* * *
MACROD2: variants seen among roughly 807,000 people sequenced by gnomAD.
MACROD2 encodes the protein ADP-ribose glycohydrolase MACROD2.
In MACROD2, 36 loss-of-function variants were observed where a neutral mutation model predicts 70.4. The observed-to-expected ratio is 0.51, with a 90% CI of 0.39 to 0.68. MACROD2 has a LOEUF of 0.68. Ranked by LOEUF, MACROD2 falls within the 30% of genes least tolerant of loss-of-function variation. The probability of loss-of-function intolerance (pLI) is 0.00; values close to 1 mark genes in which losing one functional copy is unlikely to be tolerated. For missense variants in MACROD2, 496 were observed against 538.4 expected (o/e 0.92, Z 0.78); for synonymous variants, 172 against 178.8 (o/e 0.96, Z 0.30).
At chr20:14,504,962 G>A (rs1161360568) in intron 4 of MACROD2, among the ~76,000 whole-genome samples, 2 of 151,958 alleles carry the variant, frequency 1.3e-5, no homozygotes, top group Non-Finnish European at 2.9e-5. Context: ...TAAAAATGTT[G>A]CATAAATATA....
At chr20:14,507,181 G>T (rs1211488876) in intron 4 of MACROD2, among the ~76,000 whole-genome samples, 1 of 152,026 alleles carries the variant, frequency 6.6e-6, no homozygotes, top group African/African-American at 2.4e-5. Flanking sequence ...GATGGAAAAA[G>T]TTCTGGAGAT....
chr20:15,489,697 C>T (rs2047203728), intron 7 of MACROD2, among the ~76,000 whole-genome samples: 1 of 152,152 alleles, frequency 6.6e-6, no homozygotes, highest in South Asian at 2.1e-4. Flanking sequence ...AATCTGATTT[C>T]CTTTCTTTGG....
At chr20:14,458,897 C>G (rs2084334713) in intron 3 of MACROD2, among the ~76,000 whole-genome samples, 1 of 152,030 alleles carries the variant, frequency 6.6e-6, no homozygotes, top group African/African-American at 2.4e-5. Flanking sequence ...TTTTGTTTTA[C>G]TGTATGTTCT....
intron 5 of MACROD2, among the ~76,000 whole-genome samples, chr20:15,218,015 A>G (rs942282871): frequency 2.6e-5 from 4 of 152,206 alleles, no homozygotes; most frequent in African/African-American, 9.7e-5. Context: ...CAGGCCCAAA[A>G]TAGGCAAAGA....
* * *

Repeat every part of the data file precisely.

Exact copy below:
MACROD2: variants seen among roughly 807,000 people sequenced by gnomAD.
MACROD2 encodes the protein ADP-ribose glycohydrolase MACROD2.
In MACROD2, 36 loss-of-function variants were observed where a neutral mutation model predicts 70.4. The observed-to-expected ratio is 0.51, with a 90% CI of 0.39 to 0.68. MACROD2 has a LOEUF of 0.68. Ranked by LOEUF, MACROD2 falls within the 30% of genes least tolerant of loss-of-function variation. The probability of loss-of-function intolerance (pLI) is 0.00; values close to 1 mark genes in which losing one functional copy is unlikely to be tolerated. For missense variants in MACROD2, 496 were observed against 538.4 expected (o/e 0.92, Z 0.78); for synonymous variants, 172 against 178.8 (o/e 0.96, Z 0.30).
At chr20:14,504,962 G>A (rs1161360568) in intron 4 of MACROD2, among the ~76,000 whole-genome samples, 2 of 151,958 alleles carry the variant, frequency 1.3e-5, no homozygotes, top group Non-Finnish European at 2.9e-5. Context: ...TAAAAATGTT[G>A]CATAAATATA....
At chr20:14,507,181 G>T (rs1211488876) in intron 4 of MACROD2, among the ~76,000 whole-genome samples, 1 of 152,026 alleles carries the variant, frequency 6.6e-6, no homozygotes, top group African/African-American at 2.4e-5. Flanking sequence ...GATGGAAAAA[G>T]TTCTGGAGAT....
chr20:15,489,697 C>T (rs2047203728), intron 7 of MACROD2, among the ~76,000 whole-genome samples: 1 of 152,152 alleles, frequency 6.6e-6, no homozygotes, highest in South Asian at 2.1e-4. Flanking sequence ...AATCTGATTT[C>T]CTTTCTTTGG....
At chr20:14,458,897 C>G (rs2084334713) in intron 3 of MACROD2, among the ~76,000 whole-genome samples, 1 of 152,030 alleles carries the variant, frequency 6.6e-6, no homozygotes, top group African/African-American at 2.4e-5. Flanking sequence ...TTTTGTTTTA[C>G]TGTATGTTCT....
intron 5 of MACROD2, among the ~76,000 whole-genome samples, chr20:15,218,015 A>G (rs942282871): frequency 2.6e-5 from 4 of 152,206 alleles, no homozygotes; most frequent in African/African-American, 9.7e-5. Context: ...CAGGCCCAAA[A>G]TAGGCAAAGA....